Daniel Horschler

About Daniel Horschler

      I am a Ph.D. student in Biological Anthropology working with Dr. Evan MacLean. I graduated from the University of North Carolina at Chapel Hill in 2016 with a B.S. in Psychology and minor in Anthropology, and I received an M.A. in Anthropology from the University of Arizona in 2018.

      Prior to joining the School of Anthropology, I worked in a number of diverse research roles, including projects examining human pain perception, metacognition, and memory at UNC, user experience (UX) at Lenovo, and canine and nonhuman primate cognition in Yale University’s Canine Cognition Center and with Yale’s Comparative Cognition Laboratory in conjunction with the Caribbean Primate Research Center at the University of Puerto Rico.

       My research interests center on brain and cognitive evolution, particularly how selective pressures shape cognition and neuroanatomy differently within and across species as well as if and how humans evolved unique cognitive traits. I address these questions by integrating non-invasive cognitive, behavioral, and biological research in dogs, wolves, and free-ranging nonhuman primates.

       My research has been covered by national and international media outlets including Psychology Today, ScienceDaily, InsiderSky News, and talkRADIO London as well as by local media outlets including Arizona Public MediaUA NewsThe Daily WildcatCBS13 Tucson, ABC15 PhoenixKVOI Tucson RadioKJZZ Phoenix Radio, and StarTribune. I have also commented on related research in popular science articles from media outlets including National Geographic, Science Magazine, and The Washington Post.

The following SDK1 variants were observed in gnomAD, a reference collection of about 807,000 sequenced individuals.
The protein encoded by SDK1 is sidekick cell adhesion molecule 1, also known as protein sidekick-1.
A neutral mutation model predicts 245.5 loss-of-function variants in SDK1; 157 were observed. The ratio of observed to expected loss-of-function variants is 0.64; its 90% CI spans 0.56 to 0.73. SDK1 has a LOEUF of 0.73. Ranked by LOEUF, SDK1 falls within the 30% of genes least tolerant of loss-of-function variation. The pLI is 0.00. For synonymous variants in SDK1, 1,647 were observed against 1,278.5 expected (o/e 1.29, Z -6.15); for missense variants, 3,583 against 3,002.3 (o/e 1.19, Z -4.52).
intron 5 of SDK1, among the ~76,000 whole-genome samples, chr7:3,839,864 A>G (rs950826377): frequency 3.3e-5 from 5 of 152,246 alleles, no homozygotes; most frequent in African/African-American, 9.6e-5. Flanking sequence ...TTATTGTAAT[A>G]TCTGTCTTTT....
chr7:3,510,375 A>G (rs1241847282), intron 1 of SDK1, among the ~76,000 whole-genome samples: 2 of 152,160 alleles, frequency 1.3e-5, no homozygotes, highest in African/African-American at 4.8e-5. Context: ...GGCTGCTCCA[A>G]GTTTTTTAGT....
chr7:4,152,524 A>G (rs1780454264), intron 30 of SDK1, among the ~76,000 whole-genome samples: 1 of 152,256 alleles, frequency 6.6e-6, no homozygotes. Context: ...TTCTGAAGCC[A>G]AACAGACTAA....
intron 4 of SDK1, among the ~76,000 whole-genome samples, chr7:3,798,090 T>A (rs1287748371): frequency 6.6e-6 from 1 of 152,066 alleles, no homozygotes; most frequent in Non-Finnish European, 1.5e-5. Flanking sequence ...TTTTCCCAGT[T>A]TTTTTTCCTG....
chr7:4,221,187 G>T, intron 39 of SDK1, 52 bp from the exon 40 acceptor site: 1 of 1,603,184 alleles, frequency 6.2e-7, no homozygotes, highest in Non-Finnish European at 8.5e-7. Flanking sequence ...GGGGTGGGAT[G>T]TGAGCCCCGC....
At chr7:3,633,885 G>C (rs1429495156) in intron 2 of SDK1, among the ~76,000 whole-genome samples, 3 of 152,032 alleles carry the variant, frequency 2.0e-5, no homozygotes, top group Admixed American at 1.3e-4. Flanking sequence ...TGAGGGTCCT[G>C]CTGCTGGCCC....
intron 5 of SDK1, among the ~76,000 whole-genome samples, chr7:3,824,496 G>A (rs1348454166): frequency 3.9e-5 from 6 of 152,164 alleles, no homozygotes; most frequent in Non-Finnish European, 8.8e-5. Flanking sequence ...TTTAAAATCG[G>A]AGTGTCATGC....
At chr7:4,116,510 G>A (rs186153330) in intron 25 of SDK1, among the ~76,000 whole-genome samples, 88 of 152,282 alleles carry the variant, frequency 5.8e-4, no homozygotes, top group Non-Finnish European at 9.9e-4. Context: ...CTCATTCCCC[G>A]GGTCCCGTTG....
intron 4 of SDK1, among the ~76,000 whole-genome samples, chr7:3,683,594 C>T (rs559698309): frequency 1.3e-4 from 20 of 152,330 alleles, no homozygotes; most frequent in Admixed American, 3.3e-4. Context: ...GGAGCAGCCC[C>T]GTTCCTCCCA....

I am currently affiliated with the Cognitive Science Graduate Interdisciplinary Program, and have worked both as a Graduate Teaching Assistant in the School of Mind, Brain and Behavior's Department of Neuroscience and as a Graduate Teaching Associate in the School of Anthropology.

Selected Publications

Horschler, D.J. & MacLean, E.L. (2019). Leveraging brain-body scaling relationships for comparative studies. Animal Cognition. https://doi.org/10.1007/s10071-019-01316-8

Horschler, D.J., Santos, L.R., & MacLean, E.L. (2019). Do non-human primates really represent others' ignorance? A test of the awareness relations hypothesis. Cognition, 190, 72-80. https://doi.org/10.1016/j.cognition.2019.04.012 

Horschler, D.J., Hare, B., Call, J., Kaminski, J., Miklósi, Á., & MacLean, E.L. (2019). Absolute brain size predicts dog breed differences in executive function. Animal Cognition, 22(2), 187-198. https://doi.org/10.1007/s10071-018-01234-1

Courses Taught

Graduate Teaching Associate: Anthropology 170C2 - Animal Minds

Graduate Teaching Associate: Anthropology 327 - Dog Thought

Graduate Teaching Assistant: Neuroscience and Cognitive Science 321 - Research Methods in Cognitive Science

Graduate Teaching Assistant: Anthropology 170 - Human Variation in the Modern World

Areas of Study

Comparative cognition, cognitive evolution, social cognition, theory of mind, shared intentionality, executive function, brain evolution, domestication, intraspecific and interspecific variation in cognition and neuroanatomy

Daniel Horschler's picture

Contact Information

Ph.D. Student, Graduate Teaching Associate
Office: Haury 313A3


M.A. - Anthropology - University of Arizona (2018)

B.S. - Psychology - University of North Carolina at Chapel Hill (2016)